Jennifer Stone


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Jennifer Stone

Rank when retired/separated: senior airman

Age: 30

Hometown: Denver, Colo.

Current residence: Denver, Colo.

Years in service: 5

Injury/disability: Post-traumatic stress disorder

Sport/sports: Cycling, shooting, swimming, sitting volleyball, track and field, wheelchair basketball and Ultimate Warrior.

What do the Warrior Games mean to you? 

This is my third Warrior Games. It builds back the confidence I lost through my injury. It also builds camaraderie and the competitiveness I had and gives me the chance to excel. I love to compete, especially for the Air Force.

What motivated you to try out for the Air Force Warrior Games team?

It was coming out to see people with similar circumstances and see what they were going through. There are a lot of people who have been through worse circumstances, and they still come out and compete.



Invisible Wounds

Ultimate Challenge athlete heals from shooting, battles PTSD

by Tech. Sgt. Mareshah Haynes

A casual observer might note Jennifer Stone’s confidence and air of capability, but could not guess that she is also a disabled veteran and survivor of post-traumatic stress disorder.

After a deployment to Iraq, Stone was visiting her hometown of Denver when she was shot in a drive-by shooting. Bullets went through her chest and ricocheted inside her body, hitting each of her major organs.

She successfully recovered from her physical wounds, but Stone still needed to heal from invisible wounds.

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“At first, all I could think about was physical recovery because when the second bullet went in, it hit all my organs,” Stone said. She didn’t realize anything was wrong emotionally until her next permanent change of station. “I wasn’t around a support system that had known me for a long time, so it was hard to explain what I was feeling.”

Stone deployed once again to Iraq, but this time things were different. As a security forces member, Stone was required to carry a weapon, but her fears kept her from being able to perform her duties.

“I couldn’t arm up for a while because I was having trouble around weapons. I wasn’t sure if people were going to be careful with them,” she said.

After speaking with a counselor, Stone was able to cope with her fear, and began arming up again, but on her next deployment, she was diagnosed with PTSD and eventually medically retired from the Air Force.

“All of a sudden I started having paranoia,” she said. “I stopped eating, I stopped drinking water. Things just started to fall apart and unravel. I started to hear and see things. It was all bad.”

Now, Stone said, things are getting back to normal thanks in part to programs like the Warrior Games.

“It’s taken me a while, but I’m getting there,” she said. “There always is going to be something that reminds me (of the shooting). I always think about it. It’s always in the back of my mind.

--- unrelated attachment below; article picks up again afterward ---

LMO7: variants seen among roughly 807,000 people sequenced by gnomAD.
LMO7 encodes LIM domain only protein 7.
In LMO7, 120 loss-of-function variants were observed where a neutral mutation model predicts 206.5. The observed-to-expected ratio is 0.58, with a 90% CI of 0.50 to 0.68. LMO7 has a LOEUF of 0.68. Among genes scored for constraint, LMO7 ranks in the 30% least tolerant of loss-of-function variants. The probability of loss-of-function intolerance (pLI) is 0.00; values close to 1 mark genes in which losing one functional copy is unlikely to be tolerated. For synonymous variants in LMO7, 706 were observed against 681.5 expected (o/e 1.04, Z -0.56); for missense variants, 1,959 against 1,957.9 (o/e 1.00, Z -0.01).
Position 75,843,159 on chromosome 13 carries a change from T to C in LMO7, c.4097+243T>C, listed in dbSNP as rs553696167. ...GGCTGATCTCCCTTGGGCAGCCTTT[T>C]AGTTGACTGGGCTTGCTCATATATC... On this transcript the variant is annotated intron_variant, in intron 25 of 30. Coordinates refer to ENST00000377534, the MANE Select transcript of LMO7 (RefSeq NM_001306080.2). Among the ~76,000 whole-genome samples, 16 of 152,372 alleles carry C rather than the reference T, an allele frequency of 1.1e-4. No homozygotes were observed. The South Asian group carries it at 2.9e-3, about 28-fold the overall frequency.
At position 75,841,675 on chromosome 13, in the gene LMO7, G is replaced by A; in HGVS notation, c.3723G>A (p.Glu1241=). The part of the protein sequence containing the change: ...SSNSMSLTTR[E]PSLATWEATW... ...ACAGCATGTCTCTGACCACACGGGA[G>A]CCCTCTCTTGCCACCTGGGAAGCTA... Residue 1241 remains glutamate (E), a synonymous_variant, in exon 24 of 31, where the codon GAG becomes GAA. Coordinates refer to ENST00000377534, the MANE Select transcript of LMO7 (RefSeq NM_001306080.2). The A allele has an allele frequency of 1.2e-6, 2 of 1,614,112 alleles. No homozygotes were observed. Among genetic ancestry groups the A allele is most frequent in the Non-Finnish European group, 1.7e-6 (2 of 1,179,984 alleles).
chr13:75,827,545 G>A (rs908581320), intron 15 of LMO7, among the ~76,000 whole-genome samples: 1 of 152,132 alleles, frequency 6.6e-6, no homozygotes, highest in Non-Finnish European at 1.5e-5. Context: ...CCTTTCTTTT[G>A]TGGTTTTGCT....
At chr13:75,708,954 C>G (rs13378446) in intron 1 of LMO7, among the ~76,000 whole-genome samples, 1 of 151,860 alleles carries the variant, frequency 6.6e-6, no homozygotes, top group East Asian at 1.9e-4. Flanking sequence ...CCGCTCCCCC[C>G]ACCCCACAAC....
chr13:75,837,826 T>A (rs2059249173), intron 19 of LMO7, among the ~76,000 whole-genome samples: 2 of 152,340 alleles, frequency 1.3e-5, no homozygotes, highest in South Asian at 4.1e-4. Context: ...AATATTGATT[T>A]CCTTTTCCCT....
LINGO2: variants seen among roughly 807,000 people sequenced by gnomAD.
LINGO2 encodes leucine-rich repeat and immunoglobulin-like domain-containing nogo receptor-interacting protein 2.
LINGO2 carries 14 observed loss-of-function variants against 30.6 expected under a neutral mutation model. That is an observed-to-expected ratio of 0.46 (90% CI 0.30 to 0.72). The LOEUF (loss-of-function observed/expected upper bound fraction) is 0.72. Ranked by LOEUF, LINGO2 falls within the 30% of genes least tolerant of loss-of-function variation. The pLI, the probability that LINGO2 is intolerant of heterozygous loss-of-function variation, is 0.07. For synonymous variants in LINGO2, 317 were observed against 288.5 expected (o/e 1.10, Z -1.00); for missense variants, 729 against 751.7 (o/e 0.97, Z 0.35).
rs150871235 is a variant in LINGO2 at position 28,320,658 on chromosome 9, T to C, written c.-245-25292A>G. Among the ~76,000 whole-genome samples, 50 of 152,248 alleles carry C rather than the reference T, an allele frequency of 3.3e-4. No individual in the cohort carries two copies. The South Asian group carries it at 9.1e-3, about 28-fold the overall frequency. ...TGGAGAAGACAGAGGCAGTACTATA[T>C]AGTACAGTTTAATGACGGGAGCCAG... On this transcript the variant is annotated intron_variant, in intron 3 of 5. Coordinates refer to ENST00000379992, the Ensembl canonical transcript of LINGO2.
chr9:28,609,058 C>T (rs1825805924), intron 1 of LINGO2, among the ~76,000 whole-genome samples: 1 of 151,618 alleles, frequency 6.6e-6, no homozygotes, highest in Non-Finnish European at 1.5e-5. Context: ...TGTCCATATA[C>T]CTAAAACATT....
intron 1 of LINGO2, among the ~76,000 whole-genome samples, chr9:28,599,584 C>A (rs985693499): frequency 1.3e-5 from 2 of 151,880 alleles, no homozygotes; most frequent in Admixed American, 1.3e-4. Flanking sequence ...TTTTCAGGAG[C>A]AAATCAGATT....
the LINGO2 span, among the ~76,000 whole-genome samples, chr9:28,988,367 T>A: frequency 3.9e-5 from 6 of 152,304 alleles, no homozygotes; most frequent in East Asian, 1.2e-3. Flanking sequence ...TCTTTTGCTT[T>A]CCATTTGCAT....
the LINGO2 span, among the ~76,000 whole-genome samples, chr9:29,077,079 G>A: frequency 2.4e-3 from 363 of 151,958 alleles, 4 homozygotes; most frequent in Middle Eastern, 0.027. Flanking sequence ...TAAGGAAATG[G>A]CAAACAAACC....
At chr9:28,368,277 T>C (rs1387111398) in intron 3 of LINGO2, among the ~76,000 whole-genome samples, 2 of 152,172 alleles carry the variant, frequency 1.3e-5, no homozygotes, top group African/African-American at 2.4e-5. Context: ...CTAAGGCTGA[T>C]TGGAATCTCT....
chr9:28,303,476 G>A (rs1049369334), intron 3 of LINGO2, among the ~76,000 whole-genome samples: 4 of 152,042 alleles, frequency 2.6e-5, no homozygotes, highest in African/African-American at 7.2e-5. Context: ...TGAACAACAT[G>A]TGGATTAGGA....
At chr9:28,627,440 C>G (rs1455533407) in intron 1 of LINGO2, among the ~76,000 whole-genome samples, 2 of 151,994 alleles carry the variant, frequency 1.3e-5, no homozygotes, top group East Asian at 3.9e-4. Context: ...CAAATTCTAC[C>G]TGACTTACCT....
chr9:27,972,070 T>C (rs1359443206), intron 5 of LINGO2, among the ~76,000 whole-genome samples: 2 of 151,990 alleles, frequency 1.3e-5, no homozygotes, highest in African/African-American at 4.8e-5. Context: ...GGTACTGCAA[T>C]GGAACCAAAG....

“It’s been hard, but the wounded warriors have helped me through it. Through sports, I’m building back my confidence. I’m getting my second wind.”

This is Stone’s third time competing at the games and she continues to push herself to achieve larger goals each time. Last year, Stone competed in swimming for the first time, and took the silver medal for the Air Force team. This year, she is competing  to be the Ultimate Champion.

The Ultimate Champion is a pentathlon-style event. Athletes are assigned points according to their ranking in each sport they compete in. The athlete with the most points at the end of the games earns the title of Ultimate Champion. Each service is allotted two slots and this year, Stone will fill one of those slots as the first woman to compete for the title.

Stone said this will be her last year competing in the Warrior Games, but the lessons she’s learned from the games will follow her forever.

“I love sports, I love to compete and I loved being in the Air Force, so why not show that by competing in sports for the Air Force,” she said. “It’s still a job. You’re still fighting for your country, but in a different way.

“The Air Force was my first love because I felt like I gave everything thing I had to it,” Stone said. I will continue to do that. I’m going to go out, give it my best, and I’m going to go out at my best as well. That’s why I’m continuing with the Ultimate (Champion).  They’ve helped me get back to some kind of normalcy, and I feel like I owe them the best of me when I go out. And that’s what I’m going to do.”

3 thoughts on “Jennifer Stone

  1. Thankyou for this story, we sometimes don’t see the wounds from the outside and don’t understand the loss of goals and dreams. The service and sacrafice others take for our freedom. I am honored to hear this story again due to the fact that this woman has realy worked hard to gain back her confidence and face her fears along with all the other tragic but true life experiences she has had to endure.How do I know; you asked…..cause this soldier is my daughter. Thank you Wounded Worriers for helping her these many years, and for helping her to share her story of strenth. She truley is a strong and courages woman. Deborah Shannon

  2. Jenn Wicked Sweet story. I am so proud of you and know you will do well with the Ultimate Warrior. You are the best all around female athlete I have ever met. Wish I could be there as well but know you and all the others on Team AF will rock the AFA with your teamwork, skills, and make the Air Force proud…

    =:-} Jersey Jeanne’